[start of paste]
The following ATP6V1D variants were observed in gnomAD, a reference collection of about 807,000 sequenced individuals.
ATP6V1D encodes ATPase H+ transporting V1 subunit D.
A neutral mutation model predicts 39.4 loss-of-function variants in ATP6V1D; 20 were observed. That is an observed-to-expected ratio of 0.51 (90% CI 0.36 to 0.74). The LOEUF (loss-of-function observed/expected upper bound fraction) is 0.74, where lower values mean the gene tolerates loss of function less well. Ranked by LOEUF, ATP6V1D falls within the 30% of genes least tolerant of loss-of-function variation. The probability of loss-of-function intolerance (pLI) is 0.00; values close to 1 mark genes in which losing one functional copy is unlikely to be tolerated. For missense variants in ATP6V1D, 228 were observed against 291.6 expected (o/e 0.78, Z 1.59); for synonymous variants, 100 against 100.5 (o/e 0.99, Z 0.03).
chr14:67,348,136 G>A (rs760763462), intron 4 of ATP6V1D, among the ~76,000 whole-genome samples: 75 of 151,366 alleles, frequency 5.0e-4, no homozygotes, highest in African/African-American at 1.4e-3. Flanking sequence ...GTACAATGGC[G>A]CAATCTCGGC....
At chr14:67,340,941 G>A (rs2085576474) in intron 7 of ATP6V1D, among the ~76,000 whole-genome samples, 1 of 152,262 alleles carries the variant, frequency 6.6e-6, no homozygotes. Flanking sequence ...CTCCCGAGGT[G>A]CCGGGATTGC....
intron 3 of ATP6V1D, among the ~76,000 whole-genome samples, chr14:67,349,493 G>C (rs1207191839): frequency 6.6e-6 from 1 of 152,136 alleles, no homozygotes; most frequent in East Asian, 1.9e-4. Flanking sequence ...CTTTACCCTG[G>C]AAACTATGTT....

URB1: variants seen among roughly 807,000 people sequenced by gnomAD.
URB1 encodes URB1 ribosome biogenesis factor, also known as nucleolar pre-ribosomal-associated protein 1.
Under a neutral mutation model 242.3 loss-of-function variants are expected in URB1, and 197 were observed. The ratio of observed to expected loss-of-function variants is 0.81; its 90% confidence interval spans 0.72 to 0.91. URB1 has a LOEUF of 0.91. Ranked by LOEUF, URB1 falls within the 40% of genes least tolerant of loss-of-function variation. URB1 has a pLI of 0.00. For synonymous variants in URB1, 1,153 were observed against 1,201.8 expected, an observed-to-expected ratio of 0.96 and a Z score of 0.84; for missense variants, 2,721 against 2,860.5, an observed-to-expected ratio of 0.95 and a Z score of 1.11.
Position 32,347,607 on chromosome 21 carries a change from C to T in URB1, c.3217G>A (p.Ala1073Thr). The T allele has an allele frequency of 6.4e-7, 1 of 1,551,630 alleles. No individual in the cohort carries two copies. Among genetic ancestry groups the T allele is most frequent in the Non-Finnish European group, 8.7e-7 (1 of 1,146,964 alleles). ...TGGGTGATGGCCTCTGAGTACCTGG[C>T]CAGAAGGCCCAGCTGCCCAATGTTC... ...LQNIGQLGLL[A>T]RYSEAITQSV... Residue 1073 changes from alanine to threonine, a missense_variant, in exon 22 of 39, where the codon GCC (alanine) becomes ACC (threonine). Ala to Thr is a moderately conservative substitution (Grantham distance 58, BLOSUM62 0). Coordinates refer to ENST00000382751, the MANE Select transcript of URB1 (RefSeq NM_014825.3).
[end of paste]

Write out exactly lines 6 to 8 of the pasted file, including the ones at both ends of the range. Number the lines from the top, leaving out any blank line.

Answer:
intron 3 of ATP6V1D, among the ~76,000 whole-genome samples, chr14:67,349,493 G>C (rs1207191839): frequency 6.6e-6 from 1 of 152,136 alleles, no homozygotes; most frequent in East Asian, 1.9e-4. Flanking sequence ...CTTTACCCTG[G>C]AAACTATGTT....

URB1: variants seen among roughly 807,000 people sequenced by gnomAD.
URB1 encodes URB1 ribosome biogenesis factor, also known as nucleolar pre-ribosomal-associated protein 1.